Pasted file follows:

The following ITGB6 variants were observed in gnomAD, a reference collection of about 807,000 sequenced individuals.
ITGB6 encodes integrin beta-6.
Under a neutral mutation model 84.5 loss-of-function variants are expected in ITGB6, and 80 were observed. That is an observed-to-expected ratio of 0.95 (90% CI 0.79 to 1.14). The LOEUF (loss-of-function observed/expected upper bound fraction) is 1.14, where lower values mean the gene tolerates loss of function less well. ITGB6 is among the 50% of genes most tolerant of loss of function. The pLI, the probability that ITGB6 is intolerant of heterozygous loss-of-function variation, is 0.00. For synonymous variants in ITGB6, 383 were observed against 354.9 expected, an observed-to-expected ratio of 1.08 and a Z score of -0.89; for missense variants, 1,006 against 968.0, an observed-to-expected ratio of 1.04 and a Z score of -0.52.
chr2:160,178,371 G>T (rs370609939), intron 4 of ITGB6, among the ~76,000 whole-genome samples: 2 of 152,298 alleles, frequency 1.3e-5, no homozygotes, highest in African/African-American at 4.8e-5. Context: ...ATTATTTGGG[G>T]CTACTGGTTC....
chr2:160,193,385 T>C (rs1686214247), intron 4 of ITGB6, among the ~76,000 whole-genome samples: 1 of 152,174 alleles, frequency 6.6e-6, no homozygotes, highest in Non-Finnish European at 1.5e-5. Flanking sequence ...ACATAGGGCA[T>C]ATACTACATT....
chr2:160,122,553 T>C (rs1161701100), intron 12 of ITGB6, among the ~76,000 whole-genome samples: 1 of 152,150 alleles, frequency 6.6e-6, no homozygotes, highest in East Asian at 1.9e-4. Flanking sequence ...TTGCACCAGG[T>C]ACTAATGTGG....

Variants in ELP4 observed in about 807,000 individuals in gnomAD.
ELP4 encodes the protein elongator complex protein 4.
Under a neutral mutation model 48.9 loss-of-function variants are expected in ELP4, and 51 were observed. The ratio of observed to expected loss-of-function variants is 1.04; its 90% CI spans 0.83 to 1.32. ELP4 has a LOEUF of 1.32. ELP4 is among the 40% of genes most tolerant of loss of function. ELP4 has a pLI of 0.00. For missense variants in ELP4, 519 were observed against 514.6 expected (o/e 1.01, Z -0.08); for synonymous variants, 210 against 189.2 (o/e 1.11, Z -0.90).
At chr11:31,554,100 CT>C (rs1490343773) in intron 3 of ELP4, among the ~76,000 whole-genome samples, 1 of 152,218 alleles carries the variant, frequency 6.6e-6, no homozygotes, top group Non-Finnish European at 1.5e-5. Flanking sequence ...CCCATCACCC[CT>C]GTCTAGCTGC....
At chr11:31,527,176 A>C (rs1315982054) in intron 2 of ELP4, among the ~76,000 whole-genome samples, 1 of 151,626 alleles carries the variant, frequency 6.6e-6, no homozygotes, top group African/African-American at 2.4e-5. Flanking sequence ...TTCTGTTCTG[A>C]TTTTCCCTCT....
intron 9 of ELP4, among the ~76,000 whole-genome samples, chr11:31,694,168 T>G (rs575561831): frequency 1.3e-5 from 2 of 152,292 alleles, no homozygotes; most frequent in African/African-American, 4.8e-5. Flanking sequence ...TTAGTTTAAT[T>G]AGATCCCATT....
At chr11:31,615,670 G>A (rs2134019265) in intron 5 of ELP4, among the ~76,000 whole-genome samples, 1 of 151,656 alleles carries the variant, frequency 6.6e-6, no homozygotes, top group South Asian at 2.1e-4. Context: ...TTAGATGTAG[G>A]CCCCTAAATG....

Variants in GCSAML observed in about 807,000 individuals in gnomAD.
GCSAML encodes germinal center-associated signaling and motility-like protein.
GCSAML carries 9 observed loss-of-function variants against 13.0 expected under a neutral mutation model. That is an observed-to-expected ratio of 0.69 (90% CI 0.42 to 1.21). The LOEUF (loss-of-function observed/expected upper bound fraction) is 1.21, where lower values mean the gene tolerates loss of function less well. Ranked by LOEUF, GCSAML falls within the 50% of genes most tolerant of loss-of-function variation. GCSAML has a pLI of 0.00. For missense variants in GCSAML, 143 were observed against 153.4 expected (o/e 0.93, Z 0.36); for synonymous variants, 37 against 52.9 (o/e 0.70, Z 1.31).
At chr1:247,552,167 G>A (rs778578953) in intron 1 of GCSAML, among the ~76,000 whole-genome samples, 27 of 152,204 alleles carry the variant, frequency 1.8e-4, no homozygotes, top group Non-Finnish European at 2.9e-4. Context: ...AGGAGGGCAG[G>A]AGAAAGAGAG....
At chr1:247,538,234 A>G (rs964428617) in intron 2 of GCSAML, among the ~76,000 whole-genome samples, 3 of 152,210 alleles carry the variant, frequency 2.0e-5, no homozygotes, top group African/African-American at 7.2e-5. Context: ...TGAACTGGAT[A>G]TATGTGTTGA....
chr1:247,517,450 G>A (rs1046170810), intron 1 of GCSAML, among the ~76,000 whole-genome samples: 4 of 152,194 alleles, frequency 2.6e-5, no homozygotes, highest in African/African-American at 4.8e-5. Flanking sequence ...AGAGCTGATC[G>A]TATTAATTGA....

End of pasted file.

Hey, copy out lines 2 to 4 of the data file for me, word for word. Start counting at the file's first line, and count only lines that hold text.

ITGB6 encodes integrin beta-6.
Under a neutral mutation model 84.5 loss-of-function variants are expected in ITGB6, and 80 were observed. That is an observed-to-expected ratio of 0.95 (90% CI 0.79 to 1.14). The LOEUF (loss-of-function observed/expected upper bound fraction) is 1.14, where lower values mean the gene tolerates loss of function less well. ITGB6 is among the 50% of genes most tolerant of loss of function. The pLI, the probability that ITGB6 is intolerant of heterozygous loss-of-function variation, is 0.00. For synonymous variants in ITGB6, 383 were observed against 354.9 expected, an observed-to-expected ratio of 1.08 and a Z score of -0.89; for missense variants, 1,006 against 968.0, an observed-to-expected ratio of 1.04 and a Z score of -0.52.
chr2:160,178,371 G>T (rs370609939), intron 4 of ITGB6, among the ~76,000 whole-genome samples: 2 of 152,298 alleles, frequency 1.3e-5, no homozygotes, highest in African/African-American at 4.8e-5. Context: ...ATTATTTGGG[G>T]CTACTGGTTC....